Tuesday, June 13, 2017

Target market - define yours for more visits and sales

Who is your target market?When you build a house, you need a solid foundation. When you form a business of selling, you need to figure out who your typical customer is. Build your business on that foundation of your target market.

Many sellers feel that their target market is "everyone." But no one shop's appeal is that broad. You must delimit your potential audience. If you do not, you can get discouraged very quickly when sales are slow.

Besides, if your target market is "everyone" you need to market to them. No one can afford to market to everyone. No one.

With a clearly defined target audience in mind, it is simpler to determine how and where to market your items. In fact, small Etsy shops can easily compete with large shops by targeting a niche market. 

This does not mean that you are excluding people who do not fit your criteria. Rather, target marketing allows you to focus your marketing efforts on a specific slice of market, the people that are more likely to buy from you. 

The goal is to reach other people like them who could also love your products. Tailor your marketing to them. 

Most shops have a small market. How can we get seen by our best potential customers?

Defining your target customer is essential for effective selling. It is the most affordable, efficient, and effective way to reach potential clients and generate business.

To define your target market requires detective work. Ask yourself some questions:


Who is your current customer base? What are their common characteristics and interests? Which factors bring in the most business? Why do they buy from you?

What products do you sell? Make a chart. Include your types of products. Next to each feature, list the benefits each type of item provides (and the benefits of those benefits). For example,

Once you have your benefits listed, make a list of people who have a need that your items fulfill.

What about your competition? Who is their target market? Who are their current customers? It is not necessary to copy them, but you may find a niche market that they are overlooking.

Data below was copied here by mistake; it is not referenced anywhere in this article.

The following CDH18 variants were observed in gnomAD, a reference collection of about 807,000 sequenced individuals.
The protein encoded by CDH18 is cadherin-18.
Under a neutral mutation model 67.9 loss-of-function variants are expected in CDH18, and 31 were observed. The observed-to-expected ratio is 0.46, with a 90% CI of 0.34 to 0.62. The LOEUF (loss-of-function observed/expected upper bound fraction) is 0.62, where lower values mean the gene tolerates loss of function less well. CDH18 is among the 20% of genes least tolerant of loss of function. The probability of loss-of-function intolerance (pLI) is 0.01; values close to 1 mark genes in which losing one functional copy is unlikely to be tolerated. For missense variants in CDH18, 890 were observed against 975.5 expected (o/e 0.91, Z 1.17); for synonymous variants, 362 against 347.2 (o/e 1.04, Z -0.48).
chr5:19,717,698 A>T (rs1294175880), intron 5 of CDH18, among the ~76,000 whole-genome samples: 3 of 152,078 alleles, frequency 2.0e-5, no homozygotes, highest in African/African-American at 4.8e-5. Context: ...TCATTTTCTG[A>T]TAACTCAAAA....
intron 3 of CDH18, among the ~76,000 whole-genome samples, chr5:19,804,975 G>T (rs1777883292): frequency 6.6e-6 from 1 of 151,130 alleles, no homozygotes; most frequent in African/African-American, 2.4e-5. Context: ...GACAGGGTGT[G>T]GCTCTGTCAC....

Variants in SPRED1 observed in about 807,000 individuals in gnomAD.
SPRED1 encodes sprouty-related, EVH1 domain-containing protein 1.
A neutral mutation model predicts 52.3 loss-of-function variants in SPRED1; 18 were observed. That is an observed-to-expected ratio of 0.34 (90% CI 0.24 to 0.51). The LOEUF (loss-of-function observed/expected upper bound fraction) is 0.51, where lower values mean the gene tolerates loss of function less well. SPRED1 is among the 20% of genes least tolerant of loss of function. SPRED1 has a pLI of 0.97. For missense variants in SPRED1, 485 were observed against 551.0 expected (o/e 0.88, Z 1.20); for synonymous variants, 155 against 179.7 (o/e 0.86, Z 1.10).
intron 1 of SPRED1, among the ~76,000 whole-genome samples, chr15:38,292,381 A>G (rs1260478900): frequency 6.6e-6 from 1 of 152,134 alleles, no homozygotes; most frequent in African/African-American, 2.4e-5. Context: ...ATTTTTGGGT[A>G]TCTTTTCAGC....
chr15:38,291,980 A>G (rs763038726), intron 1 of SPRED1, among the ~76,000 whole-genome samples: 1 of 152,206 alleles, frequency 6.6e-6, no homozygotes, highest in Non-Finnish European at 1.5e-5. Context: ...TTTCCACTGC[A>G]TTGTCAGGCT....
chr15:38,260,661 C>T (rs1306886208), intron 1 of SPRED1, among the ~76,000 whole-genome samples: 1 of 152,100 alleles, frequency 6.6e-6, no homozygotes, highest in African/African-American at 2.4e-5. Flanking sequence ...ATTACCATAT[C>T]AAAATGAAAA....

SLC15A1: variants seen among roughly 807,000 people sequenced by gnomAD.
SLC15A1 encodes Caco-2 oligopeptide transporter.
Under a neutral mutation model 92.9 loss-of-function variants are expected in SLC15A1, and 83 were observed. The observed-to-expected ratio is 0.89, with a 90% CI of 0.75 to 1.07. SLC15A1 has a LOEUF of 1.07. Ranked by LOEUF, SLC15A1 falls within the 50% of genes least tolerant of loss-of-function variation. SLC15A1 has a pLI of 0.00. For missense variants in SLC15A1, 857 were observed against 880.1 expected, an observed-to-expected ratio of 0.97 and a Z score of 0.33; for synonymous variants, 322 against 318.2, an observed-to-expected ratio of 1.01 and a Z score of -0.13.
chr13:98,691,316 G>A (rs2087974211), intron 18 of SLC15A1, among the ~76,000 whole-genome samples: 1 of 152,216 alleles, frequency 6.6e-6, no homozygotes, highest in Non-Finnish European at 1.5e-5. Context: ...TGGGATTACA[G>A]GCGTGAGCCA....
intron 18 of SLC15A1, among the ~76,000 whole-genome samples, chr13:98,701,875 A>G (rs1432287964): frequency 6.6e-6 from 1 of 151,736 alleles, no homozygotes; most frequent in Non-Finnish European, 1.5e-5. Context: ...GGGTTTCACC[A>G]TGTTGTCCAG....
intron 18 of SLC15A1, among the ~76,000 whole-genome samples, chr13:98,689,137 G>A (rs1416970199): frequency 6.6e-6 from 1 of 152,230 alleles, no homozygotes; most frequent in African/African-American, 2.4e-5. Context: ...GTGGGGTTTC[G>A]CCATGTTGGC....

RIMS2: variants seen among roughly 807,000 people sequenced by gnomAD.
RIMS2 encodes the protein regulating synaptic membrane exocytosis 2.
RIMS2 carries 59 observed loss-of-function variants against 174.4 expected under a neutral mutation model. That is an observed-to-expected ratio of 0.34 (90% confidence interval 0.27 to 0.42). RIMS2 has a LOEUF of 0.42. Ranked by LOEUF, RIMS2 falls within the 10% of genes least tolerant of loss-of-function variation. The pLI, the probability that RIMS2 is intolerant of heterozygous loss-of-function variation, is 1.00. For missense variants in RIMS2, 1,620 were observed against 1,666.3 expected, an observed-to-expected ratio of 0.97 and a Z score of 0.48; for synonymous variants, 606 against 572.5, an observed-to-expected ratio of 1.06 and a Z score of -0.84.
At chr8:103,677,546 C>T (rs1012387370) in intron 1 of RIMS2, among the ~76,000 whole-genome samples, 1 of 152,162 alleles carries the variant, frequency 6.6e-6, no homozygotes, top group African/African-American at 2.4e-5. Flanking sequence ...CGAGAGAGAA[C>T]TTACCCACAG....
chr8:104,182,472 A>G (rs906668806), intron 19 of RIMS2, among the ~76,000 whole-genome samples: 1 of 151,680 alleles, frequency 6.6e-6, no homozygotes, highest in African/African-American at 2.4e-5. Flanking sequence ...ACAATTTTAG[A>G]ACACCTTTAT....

What details do you need to concentrate on?  Figure out not only who has a need for your items, but also who is most likely to buy it. It is time for some market research. Here are some demographics to consider:
target audience for our vintage etsy shop
Who are your peeps?
  • Age - 20's? 40's?
  • Gender - male or female?
  • Occupation
  • Location - USA? Worldwide?
  • Income level
  • Education - high school? college?
  • Family status - single collectors? Married mothers?
  • Ethnic background

varied look of target audience
Target markets come in many shapes
Try getting even deeper, consider things like:

  • Personality
  • Attitudes
  • Values
  • Interests/hobbies
  • Lifestyles
  • Behavior

How do your items fit into your target's lifestyle? What types of things are most appealing to your target? How and when will your target buyer use your items? 

Does your target market use social media? Other websites? Should you expand to another selling website? Should you start your own website?

Do not break down your target too far... You can have more than one niche market.

Signs that you may have broken down your target market too far:
1. You can reach more than one niche effectively with the same message.
2. If there are only 50 people that fit all of your criteria.

Find a balance.


How do I find all this information?


Educate yourself about your target market. Read magazine articles and blogs that talk about your target market. Read material that talks to them. Peruse blogs and forums where people in your target market express their opinions. Look for survey results, or consider conducting a survey of your own. You could ask your current customers for feedback.

Once you have determined your target market, evaluate your decision. Consider these questions:
  • Are there enough people out there who fit my criteria?
  • Will my target market really benefit from my items? Will they see a need for them?
  • Can they afford my products?
  • What drives my target market to make decisions?
  • How do I reach them with my message? Are they accessible?

Whew, that is a lot of work! Defining your target market is the hard part.

Once you know who you are targeting, it is much easier to figure out how to reach them and what message will resonate with them. Visits and sales will follow.

So, who is your target market? How can you reach them with your message?

 Here is more reading. Here is a recent forums discussion on the subject.

Still stuck? Here is a great case study on finding your target market. (More information on the subject from Etsy.)

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